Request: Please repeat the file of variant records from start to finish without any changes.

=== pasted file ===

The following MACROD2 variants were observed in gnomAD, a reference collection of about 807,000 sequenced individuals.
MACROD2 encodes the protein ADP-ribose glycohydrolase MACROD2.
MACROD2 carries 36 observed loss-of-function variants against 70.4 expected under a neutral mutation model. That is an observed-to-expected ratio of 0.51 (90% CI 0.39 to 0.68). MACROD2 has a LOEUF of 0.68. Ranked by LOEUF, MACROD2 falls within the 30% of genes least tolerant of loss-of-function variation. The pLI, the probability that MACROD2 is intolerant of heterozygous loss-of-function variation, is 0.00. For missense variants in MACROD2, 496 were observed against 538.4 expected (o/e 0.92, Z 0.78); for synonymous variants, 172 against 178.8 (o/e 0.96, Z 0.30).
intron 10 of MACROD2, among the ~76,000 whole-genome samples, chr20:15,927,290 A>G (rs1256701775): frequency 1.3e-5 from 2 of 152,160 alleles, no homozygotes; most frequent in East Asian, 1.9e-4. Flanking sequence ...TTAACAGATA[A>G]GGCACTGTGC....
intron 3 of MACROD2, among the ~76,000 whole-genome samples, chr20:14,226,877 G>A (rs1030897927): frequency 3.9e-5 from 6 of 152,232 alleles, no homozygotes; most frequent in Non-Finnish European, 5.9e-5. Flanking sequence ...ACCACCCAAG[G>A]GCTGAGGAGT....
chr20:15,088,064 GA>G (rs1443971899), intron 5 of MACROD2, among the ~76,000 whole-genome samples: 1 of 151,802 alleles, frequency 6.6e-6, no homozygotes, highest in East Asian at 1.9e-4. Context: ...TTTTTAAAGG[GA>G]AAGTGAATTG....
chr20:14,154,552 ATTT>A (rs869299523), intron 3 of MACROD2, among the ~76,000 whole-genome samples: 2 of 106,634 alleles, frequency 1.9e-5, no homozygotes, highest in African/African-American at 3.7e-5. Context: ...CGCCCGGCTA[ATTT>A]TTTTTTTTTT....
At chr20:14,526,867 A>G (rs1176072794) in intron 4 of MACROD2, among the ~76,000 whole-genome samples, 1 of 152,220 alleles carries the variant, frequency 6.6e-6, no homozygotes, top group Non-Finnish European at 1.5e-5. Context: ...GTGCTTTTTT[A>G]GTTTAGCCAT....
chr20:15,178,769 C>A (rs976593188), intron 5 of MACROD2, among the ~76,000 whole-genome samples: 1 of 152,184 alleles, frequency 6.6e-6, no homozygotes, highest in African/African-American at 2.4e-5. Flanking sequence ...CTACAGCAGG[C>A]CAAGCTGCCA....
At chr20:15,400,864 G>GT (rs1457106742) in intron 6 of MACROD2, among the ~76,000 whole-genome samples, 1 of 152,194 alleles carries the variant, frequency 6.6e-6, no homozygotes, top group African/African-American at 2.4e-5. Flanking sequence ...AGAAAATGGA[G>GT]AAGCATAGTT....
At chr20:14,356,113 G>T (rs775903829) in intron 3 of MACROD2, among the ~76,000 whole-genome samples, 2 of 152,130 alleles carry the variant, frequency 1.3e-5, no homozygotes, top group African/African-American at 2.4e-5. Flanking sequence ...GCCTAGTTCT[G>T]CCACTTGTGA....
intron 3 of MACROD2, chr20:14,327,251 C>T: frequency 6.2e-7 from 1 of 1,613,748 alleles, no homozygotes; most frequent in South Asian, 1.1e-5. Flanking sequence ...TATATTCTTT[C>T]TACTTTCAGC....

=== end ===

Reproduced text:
The following MACROD2 variants were observed in gnomAD, a reference collection of about 807,000 sequenced individuals.
MACROD2 encodes the protein ADP-ribose glycohydrolase MACROD2.
MACROD2 carries 36 observed loss-of-function variants against 70.4 expected under a neutral mutation model. That is an observed-to-expected ratio of 0.51 (90% CI 0.39 to 0.68). MACROD2 has a LOEUF of 0.68. Ranked by LOEUF, MACROD2 falls within the 30% of genes least tolerant of loss-of-function variation. The pLI, the probability that MACROD2 is intolerant of heterozygous loss-of-function variation, is 0.00. For missense variants in MACROD2, 496 were observed against 538.4 expected (o/e 0.92, Z 0.78); for synonymous variants, 172 against 178.8 (o/e 0.96, Z 0.30).
intron 10 of MACROD2, among the ~76,000 whole-genome samples, chr20:15,927,290 A>G (rs1256701775): frequency 1.3e-5 from 2 of 152,160 alleles, no homozygotes; most frequent in East Asian, 1.9e-4. Flanking sequence ...TTAACAGATA[A>G]GGCACTGTGC....
intron 3 of MACROD2, among the ~76,000 whole-genome samples, chr20:14,226,877 G>A (rs1030897927): frequency 3.9e-5 from 6 of 152,232 alleles, no homozygotes; most frequent in Non-Finnish European, 5.9e-5. Flanking sequence ...ACCACCCAAG[G>A]GCTGAGGAGT....
chr20:15,088,064 GA>G (rs1443971899), intron 5 of MACROD2, among the ~76,000 whole-genome samples: 1 of 151,802 alleles, frequency 6.6e-6, no homozygotes, highest in East Asian at 1.9e-4. Context: ...TTTTTAAAGG[GA>G]AAGTGAATTG....
chr20:14,154,552 ATTT>A (rs869299523), intron 3 of MACROD2, among the ~76,000 whole-genome samples: 2 of 106,634 alleles, frequency 1.9e-5, no homozygotes, highest in African/African-American at 3.7e-5. Context: ...CGCCCGGCTA[ATTT>A]TTTTTTTTTT....
At chr20:14,526,867 A>G (rs1176072794) in intron 4 of MACROD2, among the ~76,000 whole-genome samples, 1 of 152,220 alleles carries the variant, frequency 6.6e-6, no homozygotes, top group Non-Finnish European at 1.5e-5. Context: ...GTGCTTTTTT[A>G]GTTTAGCCAT....
chr20:15,178,769 C>A (rs976593188), intron 5 of MACROD2, among the ~76,000 whole-genome samples: 1 of 152,184 alleles, frequency 6.6e-6, no homozygotes, highest in African/African-American at 2.4e-5. Flanking sequence ...CTACAGCAGG[C>A]CAAGCTGCCA....
At chr20:15,400,864 G>GT (rs1457106742) in intron 6 of MACROD2, among the ~76,000 whole-genome samples, 1 of 152,194 alleles carries the variant, frequency 6.6e-6, no homozygotes, top group African/African-American at 2.4e-5. Flanking sequence ...AGAAAATGGA[G>GT]AAGCATAGTT....
At chr20:14,356,113 G>T (rs775903829) in intron 3 of MACROD2, among the ~76,000 whole-genome samples, 2 of 152,130 alleles carry the variant, frequency 1.3e-5, no homozygotes, top group African/African-American at 2.4e-5. Flanking sequence ...GCCTAGTTCT[G>T]CCACTTGTGA....
intron 3 of MACROD2, chr20:14,327,251 C>T: frequency 6.2e-7 from 1 of 1,613,748 alleles, no homozygotes; most frequent in South Asian, 1.1e-5. Flanking sequence ...TATATTCTTT[C>T]TACTTTCAGC....